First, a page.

(Nov. 8) Two more Idaho fields have been found with potato cyst nematodes in them, but industry officials don’t think trade negotiations will suffer as a result.

Fields in Bingham and Bonneville County, which are in a regulated area established after nematodes were found in the state last spring and summer, were found to contain the pests, officials of the U.S. Department of Agriculture’s Animal and Plant Health Inspection Service and the Idaho State Department of Agriculture reported Oct. 30.

Seven fields have now been found with potato cyst nematodes, which pose no health risk but can decimate crops if left untreated. All seven fields are within a mile of the regulated area’s center. The 10,000-acre area contains about 3,500 acres of potatoes, or about 1.1% of the state’s total acreage.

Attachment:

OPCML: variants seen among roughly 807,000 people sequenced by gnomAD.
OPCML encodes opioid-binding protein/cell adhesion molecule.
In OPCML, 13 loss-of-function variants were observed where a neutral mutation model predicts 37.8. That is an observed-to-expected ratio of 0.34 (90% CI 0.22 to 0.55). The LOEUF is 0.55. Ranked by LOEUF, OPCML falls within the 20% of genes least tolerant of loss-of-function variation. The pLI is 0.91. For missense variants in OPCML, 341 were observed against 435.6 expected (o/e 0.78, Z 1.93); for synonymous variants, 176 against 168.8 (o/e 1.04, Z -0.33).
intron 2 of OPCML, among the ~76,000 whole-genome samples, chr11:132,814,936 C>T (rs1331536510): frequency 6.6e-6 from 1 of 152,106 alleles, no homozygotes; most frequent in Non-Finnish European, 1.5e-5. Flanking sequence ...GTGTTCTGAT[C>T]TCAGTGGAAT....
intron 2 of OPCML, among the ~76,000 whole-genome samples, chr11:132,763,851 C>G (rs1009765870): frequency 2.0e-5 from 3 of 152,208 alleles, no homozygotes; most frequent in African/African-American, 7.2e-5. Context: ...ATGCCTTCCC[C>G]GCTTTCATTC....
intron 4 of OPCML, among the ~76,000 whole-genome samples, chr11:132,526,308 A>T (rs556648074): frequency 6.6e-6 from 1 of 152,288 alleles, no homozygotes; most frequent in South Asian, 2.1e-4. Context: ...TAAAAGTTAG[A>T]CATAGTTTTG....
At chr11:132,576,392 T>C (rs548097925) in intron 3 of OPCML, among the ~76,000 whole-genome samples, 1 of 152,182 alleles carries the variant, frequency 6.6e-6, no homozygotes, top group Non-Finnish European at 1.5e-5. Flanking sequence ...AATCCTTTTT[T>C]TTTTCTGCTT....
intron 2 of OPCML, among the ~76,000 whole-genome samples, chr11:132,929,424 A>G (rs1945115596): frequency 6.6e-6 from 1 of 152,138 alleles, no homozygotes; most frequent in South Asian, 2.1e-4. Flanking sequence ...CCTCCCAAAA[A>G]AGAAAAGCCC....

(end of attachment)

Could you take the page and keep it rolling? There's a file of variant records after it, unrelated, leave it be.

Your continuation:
On Aug. 28, the Idaho State Department of Agriculture and APHIS announced the creation of a protocol to restrict the movement and handling of potatoes in the restricted area.

The most recent finding doesn’t come as a surprise, nor should it cause the industry additional concern, said John Keeling, executive director of the National Potato Council, Washington, D.C.

“I think the key is the location within the mile epicenter,” he said. “It’s not unexpected to make additional finds close to the original finds. If this was found in another part of the state, it could signal something different. What this signifies is that the infestation was found early, and found in small numbers.”

Wayne Hoffman, spokesman for the Idaho Department of Agriculture, agreed.

“We’re not concerned, and the reason why is that there was always the expectation that we would find other fields with nematodes in the regulated area,” he said.

Keeling and Hoffman are optimistic that negotiations with countries that banned imports from Idaho after the initial nematode findings won’t be hurt by the most recent findings. Canada, Japan, Mexico and South Korea banned imports. Only Canada has lifted its ban.